Young Sheldon – Don’t Let Your Big Bang Theory Hate Force You to Miss a Quality Sitcom

Young Sheldon Series Premiere Plot Summary:

The Big Bang Theory spin-off/prequel follows 9-year-old Sheldon Cooper (Iain Armitage) as he attends high school in East Texas. Outside of school Sheldon attempts to deal with the world around him while his family attempts to deal with him.

Okay, get your jokes out of the way. Advanced scientific jargon coming out of a 9-year-old’s mouth. Condescending dialogue directed at rural midwestern citizens. Character from hated Emmy-winning primetime series in child form. Hardy har.

Finished? Good.

Say what you like about The Big Bang Theory. I still think it gets more than its fair share of criticism in the primetime TV world, but the show definitely has its drawbacks. My relationship with the lovable nerds from Apartment 4A has shifted from steadfast loyalty in its infancy (I may or may not have purchased the first four seasons on DVD) to “I’ll watch it if it’s on” in recent years so my feelings on it are pretty measured.

But you would be doing yourself a disservice if you let your Big Bang hate stop you from checking out Young Sheldon. The latest Chuck Lorre sitcom is a departure from the oft criticized multi-camera laugh track setup of Big Bang and Two and a Half Men and Mom in favor of a more natural single camera format. As a result, the jokes land easier and our characters feel more like people rather than puppets put on a stage to make us laugh.

At the center of the series is Big Little Lies’ Iain Armitage in the title role. The 11-year-old already proved himself in HBO’s Emmy-winning miniseries, but switching to comedy Armitage shows us that his talents are real and this is one rising actor to definitely keep an eye on. Fans of Big Bang will immediately recognize Sheldon’s mannerisms and body language, but Armitage brings his own level of sympathy and heart to a character who was so long thought of as incapable of understanding either. It’s an impressive performance, and one almost has to feel alarmed at how much Big Bang he may have had to watch as research for his starring role.

Once Sheldon enters high school, he is dropped into a world he never expected. His immediate reactions to things like students breaking the dress code or a pregnant girl are where the show’s humor is at its weakest, at times being just as awkward as many believed the series would be. But Armitage’s charisma is present and these moments fortunately do not last.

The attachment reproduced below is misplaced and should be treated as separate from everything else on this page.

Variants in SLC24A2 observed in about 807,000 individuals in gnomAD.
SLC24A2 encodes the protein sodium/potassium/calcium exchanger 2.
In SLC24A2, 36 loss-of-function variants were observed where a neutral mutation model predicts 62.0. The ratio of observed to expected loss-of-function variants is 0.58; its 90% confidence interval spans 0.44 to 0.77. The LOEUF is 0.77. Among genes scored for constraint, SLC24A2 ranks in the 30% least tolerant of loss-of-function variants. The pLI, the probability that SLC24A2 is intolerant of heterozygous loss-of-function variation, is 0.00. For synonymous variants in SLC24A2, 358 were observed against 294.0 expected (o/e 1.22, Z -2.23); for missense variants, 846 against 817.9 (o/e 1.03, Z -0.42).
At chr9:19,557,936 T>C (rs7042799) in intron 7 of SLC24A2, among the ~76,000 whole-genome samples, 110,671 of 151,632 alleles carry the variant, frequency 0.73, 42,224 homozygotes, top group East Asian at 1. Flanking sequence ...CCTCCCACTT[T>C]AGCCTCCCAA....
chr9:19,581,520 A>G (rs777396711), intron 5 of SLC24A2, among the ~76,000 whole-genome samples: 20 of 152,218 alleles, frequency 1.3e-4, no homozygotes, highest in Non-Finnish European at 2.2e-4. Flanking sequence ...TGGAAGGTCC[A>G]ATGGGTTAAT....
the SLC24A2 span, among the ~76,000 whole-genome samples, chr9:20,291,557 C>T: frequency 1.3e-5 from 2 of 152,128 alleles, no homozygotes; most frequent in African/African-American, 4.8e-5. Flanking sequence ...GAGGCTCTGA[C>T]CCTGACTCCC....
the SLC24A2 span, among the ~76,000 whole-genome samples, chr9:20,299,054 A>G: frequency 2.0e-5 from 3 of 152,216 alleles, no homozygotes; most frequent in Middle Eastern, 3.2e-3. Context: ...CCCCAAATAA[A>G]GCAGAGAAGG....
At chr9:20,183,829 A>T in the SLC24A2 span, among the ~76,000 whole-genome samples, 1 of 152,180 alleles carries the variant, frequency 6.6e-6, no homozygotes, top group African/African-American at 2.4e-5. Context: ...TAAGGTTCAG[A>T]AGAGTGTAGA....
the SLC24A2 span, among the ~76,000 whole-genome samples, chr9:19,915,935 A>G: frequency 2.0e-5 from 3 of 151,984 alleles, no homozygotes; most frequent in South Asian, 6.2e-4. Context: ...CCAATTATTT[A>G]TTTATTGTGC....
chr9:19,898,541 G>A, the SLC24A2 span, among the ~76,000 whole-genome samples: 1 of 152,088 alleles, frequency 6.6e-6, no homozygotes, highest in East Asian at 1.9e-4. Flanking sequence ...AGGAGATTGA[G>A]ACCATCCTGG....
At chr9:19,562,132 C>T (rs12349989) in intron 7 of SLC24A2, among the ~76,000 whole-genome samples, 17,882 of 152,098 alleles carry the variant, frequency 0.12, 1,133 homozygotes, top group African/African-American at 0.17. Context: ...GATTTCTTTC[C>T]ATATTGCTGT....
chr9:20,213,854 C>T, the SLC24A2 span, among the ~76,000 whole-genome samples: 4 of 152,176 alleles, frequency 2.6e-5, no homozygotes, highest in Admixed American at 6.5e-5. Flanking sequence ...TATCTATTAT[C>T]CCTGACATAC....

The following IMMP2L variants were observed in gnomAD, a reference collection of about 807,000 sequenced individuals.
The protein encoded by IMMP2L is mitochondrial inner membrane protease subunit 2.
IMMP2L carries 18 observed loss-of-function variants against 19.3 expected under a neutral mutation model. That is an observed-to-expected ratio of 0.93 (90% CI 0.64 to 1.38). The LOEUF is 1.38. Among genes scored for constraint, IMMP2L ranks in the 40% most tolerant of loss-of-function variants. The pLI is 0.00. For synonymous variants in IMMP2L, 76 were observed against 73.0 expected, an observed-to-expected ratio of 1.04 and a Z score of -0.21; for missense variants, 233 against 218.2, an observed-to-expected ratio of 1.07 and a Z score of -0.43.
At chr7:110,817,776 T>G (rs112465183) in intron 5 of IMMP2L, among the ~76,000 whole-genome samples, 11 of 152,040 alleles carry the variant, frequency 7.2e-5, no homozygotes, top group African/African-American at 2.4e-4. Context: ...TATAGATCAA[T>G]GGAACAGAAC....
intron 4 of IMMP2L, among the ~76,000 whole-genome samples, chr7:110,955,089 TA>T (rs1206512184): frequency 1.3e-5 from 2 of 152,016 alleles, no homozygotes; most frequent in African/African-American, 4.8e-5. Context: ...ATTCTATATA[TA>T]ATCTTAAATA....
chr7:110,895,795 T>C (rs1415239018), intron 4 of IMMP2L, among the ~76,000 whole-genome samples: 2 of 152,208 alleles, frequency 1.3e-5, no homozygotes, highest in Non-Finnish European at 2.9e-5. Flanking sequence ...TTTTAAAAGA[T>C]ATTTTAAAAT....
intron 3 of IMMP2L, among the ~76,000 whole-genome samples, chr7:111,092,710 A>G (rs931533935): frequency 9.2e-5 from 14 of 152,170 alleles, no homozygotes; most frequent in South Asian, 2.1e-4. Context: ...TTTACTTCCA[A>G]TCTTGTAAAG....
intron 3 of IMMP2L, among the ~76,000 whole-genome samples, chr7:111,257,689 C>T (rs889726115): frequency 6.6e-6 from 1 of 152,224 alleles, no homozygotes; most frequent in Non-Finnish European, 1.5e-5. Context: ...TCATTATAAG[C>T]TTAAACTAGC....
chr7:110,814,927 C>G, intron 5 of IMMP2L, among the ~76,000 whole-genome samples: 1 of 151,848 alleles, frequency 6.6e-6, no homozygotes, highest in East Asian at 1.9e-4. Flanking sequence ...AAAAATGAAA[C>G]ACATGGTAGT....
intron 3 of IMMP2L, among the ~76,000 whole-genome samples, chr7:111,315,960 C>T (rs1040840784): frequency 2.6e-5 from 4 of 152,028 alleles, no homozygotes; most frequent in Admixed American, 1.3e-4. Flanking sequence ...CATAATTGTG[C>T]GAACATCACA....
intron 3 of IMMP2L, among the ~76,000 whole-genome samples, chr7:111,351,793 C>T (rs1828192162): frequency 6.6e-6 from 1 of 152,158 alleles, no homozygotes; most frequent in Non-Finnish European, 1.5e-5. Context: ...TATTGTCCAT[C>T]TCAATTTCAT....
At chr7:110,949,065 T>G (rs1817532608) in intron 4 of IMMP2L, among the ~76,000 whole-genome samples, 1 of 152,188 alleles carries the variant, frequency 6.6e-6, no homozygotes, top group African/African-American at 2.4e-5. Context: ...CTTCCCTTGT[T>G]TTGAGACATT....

But Young Sheldon is already so much more than merely watching a 9-year-old trounce around set scientifically condescending to various teenagers and adults. What came as a delightful surprise was how strong the family dynamic seems to be in this series. The show is not just about how obnoxious Sheldon could be as a child, but how raising or growing up with a child genius affected the people around him.

On the one hand is his Dad, George (Lance Barber) and older brother, Georgie (Montana Jordan), who reject Sheldon’s eccentricities and for appearance reasons want Sheldon to just be normal. But on the other hand is his mom (played wonderfully by Zoe Perry) doing her best to accommodate her son and make sure he doesn’t feel ostracized or rejected. The relationship between Sheldon and his mom is already one of the series’ strongest attributes and I look forward to seeing it develop, especially as anyone who watches Big Bang knows George Sr. may not be around very much longer.

And then there’s Sheldon’s twin sister who might turn out to be the devil. It’s too early to know for sure.

Tying the whole show together, Jim Parsons narrates some key scenes and gives us some very funny insight into Sheldon’s inner monologue. Hopefully this trend continues as these moments provided some of the strongest comedic beats in the pilot.

The tone and setting of the series does beg the question what direction this will go and how far will it take it? Because this is a prequel, Sheldon unfortunately can’t develop too much lest he be disparate with his older self, and that may end up weighing some of the storytelling down. And because the series’ star is so young, we can’t expect it to lead us to Sheldon’s move to California and his eventual move-in with Leonard, so one has to wonder how far the show’s creators have thought ahead.

Regardless, under the right circumstances Lorre and Steven Molaro have the makings of something inspired, and hopefully we get to see some more of what made this such a strong pilot in the weeks ahead.

Rating: 7/10